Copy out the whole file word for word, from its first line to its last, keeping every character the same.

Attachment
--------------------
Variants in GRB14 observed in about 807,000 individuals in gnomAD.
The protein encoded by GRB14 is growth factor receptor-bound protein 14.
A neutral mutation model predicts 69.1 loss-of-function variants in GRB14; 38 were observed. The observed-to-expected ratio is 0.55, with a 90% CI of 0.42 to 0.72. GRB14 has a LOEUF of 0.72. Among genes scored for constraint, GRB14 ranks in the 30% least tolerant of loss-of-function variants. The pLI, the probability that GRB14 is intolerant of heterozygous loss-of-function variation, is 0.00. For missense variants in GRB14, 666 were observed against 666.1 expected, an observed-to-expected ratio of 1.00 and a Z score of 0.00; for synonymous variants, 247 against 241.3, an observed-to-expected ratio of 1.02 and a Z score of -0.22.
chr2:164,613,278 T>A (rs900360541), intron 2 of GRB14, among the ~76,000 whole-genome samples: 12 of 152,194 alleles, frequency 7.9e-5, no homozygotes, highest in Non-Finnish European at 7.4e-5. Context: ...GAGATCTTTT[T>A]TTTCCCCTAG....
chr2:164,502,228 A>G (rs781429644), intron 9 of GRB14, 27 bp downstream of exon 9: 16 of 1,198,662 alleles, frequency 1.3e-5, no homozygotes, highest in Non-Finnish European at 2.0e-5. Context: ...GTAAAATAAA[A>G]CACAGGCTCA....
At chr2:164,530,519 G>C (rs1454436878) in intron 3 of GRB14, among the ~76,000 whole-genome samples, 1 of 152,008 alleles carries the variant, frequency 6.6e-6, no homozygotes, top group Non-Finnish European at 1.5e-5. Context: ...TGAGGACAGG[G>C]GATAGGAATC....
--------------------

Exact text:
Variants in GRB14 observed in about 807,000 individuals in gnomAD.
The protein encoded by GRB14 is growth factor receptor-bound protein 14.
A neutral mutation model predicts 69.1 loss-of-function variants in GRB14; 38 were observed. The observed-to-expected ratio is 0.55, with a 90% CI of 0.42 to 0.72. GRB14 has a LOEUF of 0.72. Among genes scored for constraint, GRB14 ranks in the 30% least tolerant of loss-of-function variants. The pLI, the probability that GRB14 is intolerant of heterozygous loss-of-function variation, is 0.00. For missense variants in GRB14, 666 were observed against 666.1 expected, an observed-to-expected ratio of 1.00 and a Z score of 0.00; for synonymous variants, 247 against 241.3, an observed-to-expected ratio of 1.02 and a Z score of -0.22.
chr2:164,613,278 T>A (rs900360541), intron 2 of GRB14, among the ~76,000 whole-genome samples: 12 of 152,194 alleles, frequency 7.9e-5, no homozygotes, highest in Non-Finnish European at 7.4e-5. Context: ...GAGATCTTTT[T>A]TTTCCCCTAG....
chr2:164,502,228 A>G (rs781429644), intron 9 of GRB14, 27 bp downstream of exon 9: 16 of 1,198,662 alleles, frequency 1.3e-5, no homozygotes, highest in Non-Finnish European at 2.0e-5. Context: ...GTAAAATAAA[A>G]CACAGGCTCA....
At chr2:164,530,519 G>C (rs1454436878) in intron 3 of GRB14, among the ~76,000 whole-genome samples, 1 of 152,008 alleles carries the variant, frequency 6.6e-6, no homozygotes, top group Non-Finnish European at 1.5e-5. Context: ...TGAGGACAGG[G>C]GATAGGAATC....